Howard S. McDonald

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Howard Stevenson McDonald was a college and university president. He was president of Brigham Young University from July 1945 to October 1949.

In 1924, then BYU president Franklin S. Harris asked him to come to BYU and head the engineering department. McDonald declined the offer, considering himself unqualified for the position. Instead, he continued his university studies while teaching high school. He held a master’s degree from the University of California, Berkeley, in 1925. He later completed his Doctorate of Education degree from the same university.

McDonald was vice principal and dean of boys at Balboa High School in 1928, director of personnel in the San Francisco School District from 1934 to 1936, and in 1937 became the superintendent of that school district. From 1944 to 1945, he was superintendent of schools in Salt Lake City, Utah.

McDonald recalled, "About the first of March, 1945, President J. Reuben Clark of the First Presidency invited me to his office the following Saturday." McDonald "wondered all weekend about what in the sam hill he wanted me for." President McKay and President Clark had been highly impressed with McDonald's educational work, and President Grant approved their recommendation that McDonald be offered the presidency of BYU. McDonald's reaction to the appointment was mixed. While in California he had mentioned to Apostle George F. Richards that some day he would like to be President of Brigham Young University. But when the opportunity came, he hesitated. He explained his deficiencies to President Clark and then asked for a week to make a decision. With Clark's encouragement, he visited the Provo campus to talk extensively with the deans and members of the faculty. Finally McDonald told his wife, "We've been called by the First Presidency. Let's go and do it.”[1]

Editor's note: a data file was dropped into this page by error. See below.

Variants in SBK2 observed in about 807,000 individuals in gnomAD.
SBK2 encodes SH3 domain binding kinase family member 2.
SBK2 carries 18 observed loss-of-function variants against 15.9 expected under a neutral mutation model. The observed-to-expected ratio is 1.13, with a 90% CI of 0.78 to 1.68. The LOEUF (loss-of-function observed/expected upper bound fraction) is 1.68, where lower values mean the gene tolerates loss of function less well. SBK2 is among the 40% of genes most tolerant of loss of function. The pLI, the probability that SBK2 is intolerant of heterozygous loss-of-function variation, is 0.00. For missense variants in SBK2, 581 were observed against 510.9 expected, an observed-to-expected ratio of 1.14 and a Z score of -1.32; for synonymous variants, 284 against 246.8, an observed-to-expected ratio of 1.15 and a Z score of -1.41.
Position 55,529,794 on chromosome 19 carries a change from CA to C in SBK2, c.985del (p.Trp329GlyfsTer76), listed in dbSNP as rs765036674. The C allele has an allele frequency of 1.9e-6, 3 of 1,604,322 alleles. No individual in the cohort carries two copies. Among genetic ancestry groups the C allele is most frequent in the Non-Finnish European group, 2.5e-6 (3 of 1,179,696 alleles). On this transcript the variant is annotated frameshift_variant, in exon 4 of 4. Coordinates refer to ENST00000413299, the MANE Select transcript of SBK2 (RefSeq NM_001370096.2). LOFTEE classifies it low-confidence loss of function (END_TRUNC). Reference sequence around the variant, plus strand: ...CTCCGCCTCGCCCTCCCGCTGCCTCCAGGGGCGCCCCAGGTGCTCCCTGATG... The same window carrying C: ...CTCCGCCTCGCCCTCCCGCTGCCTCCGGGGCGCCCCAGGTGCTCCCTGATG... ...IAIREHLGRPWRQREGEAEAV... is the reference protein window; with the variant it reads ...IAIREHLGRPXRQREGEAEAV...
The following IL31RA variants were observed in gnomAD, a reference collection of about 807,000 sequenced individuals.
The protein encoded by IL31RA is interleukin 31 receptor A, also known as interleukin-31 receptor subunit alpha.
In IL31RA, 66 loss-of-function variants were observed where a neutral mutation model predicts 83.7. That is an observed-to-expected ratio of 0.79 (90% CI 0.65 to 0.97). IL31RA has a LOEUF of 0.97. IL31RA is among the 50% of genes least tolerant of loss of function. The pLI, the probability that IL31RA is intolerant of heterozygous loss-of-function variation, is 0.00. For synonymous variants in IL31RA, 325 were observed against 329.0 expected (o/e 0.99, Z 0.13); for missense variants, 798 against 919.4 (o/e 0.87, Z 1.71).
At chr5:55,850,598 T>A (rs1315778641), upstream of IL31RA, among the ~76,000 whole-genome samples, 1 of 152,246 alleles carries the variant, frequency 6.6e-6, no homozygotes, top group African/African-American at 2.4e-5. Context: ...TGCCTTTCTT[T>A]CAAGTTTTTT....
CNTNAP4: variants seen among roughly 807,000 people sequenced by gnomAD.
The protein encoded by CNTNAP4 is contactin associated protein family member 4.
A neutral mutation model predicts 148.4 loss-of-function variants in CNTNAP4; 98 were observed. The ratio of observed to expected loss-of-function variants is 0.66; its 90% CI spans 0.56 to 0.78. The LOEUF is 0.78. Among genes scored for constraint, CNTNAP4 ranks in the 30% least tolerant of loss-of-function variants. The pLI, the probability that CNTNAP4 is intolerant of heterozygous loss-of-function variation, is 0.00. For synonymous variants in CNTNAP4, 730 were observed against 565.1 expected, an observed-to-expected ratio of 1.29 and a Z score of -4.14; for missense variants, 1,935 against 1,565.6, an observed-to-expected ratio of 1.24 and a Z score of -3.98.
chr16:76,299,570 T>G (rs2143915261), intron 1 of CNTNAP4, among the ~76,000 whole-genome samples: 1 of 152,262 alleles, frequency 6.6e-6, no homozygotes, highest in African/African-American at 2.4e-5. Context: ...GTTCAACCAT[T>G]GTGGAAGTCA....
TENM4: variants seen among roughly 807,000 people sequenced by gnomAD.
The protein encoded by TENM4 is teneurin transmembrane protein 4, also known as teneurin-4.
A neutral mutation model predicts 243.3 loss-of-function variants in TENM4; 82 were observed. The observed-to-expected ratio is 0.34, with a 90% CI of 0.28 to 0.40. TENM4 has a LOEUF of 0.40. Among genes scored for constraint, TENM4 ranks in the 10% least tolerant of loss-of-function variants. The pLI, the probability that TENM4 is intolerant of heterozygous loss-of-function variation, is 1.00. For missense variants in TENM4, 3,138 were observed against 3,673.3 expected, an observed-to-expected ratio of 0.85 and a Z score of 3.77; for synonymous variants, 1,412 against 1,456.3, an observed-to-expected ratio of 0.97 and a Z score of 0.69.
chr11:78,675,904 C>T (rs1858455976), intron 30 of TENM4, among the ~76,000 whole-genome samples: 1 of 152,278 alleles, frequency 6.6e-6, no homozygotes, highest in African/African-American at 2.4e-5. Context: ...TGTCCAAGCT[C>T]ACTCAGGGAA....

McDonald was selected because of his service as a stake president. The board of trustees thought he could bring a strong religious emphasis to BYU. Religious studies was an emphasis of his presidency. In 1949, the board of trustees approved a master of theology degree.

He recruited more professors, including Hugh Nibley, and over 80 professors were hired during his administration due to an increase in enrollment following World War II. He petitioned for their wages to be increased (after a salary cut during the Great Depression). He also initiated the construction of several new buildings.

He organized a student health plan in 1946, and the student health center was named after him. He called for more strict adherence to Word of Wisdom principles and to curfew. He also helped establish student branches for church meetings.

“His abrupt demands of the Board of Trustees sometimes created resistance because he was accustomed to a public school environment in which he as administrator made most of the decisions, and he had difficulty adjusting to a situation in which the Board of Trustees took an active part in the administration of the school.”[2] He was often at odds with the board of trustees and President J. Reuben Clark was unhappy with McDonald’s performance as president. With tension growing, McDonald left BYU in October 1949 and became president of Los Angeles City College and Los Angeles State College. He retired in 1962, after having grown the state system. He helped found San Fernando Valley State College in 1956 and served as president of the general faculty from 1956 to 1958. After his retirement he was appointed a regional representative of the U.S. Commissioner of Education, a position he held until 1964.

From 1964 to 1968, he served as president of the Church’s Salt Lake Temple.

McDonald was born on July 18, 1894, in Holladay, Utah. He died on October 25, 1986, in Los Alamitos, California. He and his wife, Ella, had two daughters.

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